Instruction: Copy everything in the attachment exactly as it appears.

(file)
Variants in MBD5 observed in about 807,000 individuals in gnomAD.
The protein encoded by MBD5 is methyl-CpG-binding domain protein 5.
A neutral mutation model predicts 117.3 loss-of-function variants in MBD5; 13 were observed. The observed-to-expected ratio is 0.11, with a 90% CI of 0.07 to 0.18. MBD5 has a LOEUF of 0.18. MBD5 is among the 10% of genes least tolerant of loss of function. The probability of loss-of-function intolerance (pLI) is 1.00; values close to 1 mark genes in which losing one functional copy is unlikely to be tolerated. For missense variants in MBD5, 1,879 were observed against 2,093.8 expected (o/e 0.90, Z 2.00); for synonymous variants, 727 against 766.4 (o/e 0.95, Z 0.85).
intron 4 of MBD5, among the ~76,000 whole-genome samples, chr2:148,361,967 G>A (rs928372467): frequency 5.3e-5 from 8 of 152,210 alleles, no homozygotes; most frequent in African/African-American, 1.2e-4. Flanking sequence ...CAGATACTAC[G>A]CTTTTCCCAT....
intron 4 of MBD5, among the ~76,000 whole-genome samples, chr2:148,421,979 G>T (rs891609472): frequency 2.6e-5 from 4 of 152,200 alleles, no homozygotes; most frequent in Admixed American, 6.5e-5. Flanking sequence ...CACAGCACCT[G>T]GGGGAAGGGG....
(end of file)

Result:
Variants in MBD5 observed in about 807,000 individuals in gnomAD.
The protein encoded by MBD5 is methyl-CpG-binding domain protein 5.
A neutral mutation model predicts 117.3 loss-of-function variants in MBD5; 13 were observed. The observed-to-expected ratio is 0.11, with a 90% CI of 0.07 to 0.18. MBD5 has a LOEUF of 0.18. MBD5 is among the 10% of genes least tolerant of loss of function. The probability of loss-of-function intolerance (pLI) is 1.00; values close to 1 mark genes in which losing one functional copy is unlikely to be tolerated. For missense variants in MBD5, 1,879 were observed against 2,093.8 expected (o/e 0.90, Z 2.00); for synonymous variants, 727 against 766.4 (o/e 0.95, Z 0.85).
intron 4 of MBD5, among the ~76,000 whole-genome samples, chr2:148,361,967 G>A (rs928372467): frequency 5.3e-5 from 8 of 152,210 alleles, no homozygotes; most frequent in African/African-American, 1.2e-4. Flanking sequence ...CAGATACTAC[G>A]CTTTTCCCAT....
intron 4 of MBD5, among the ~76,000 whole-genome samples, chr2:148,421,979 G>T (rs891609472): frequency 2.6e-5 from 4 of 152,200 alleles, no homozygotes; most frequent in Admixed American, 6.5e-5. Flanking sequence ...CACAGCACCT[G>T]GGGGAAGGGG....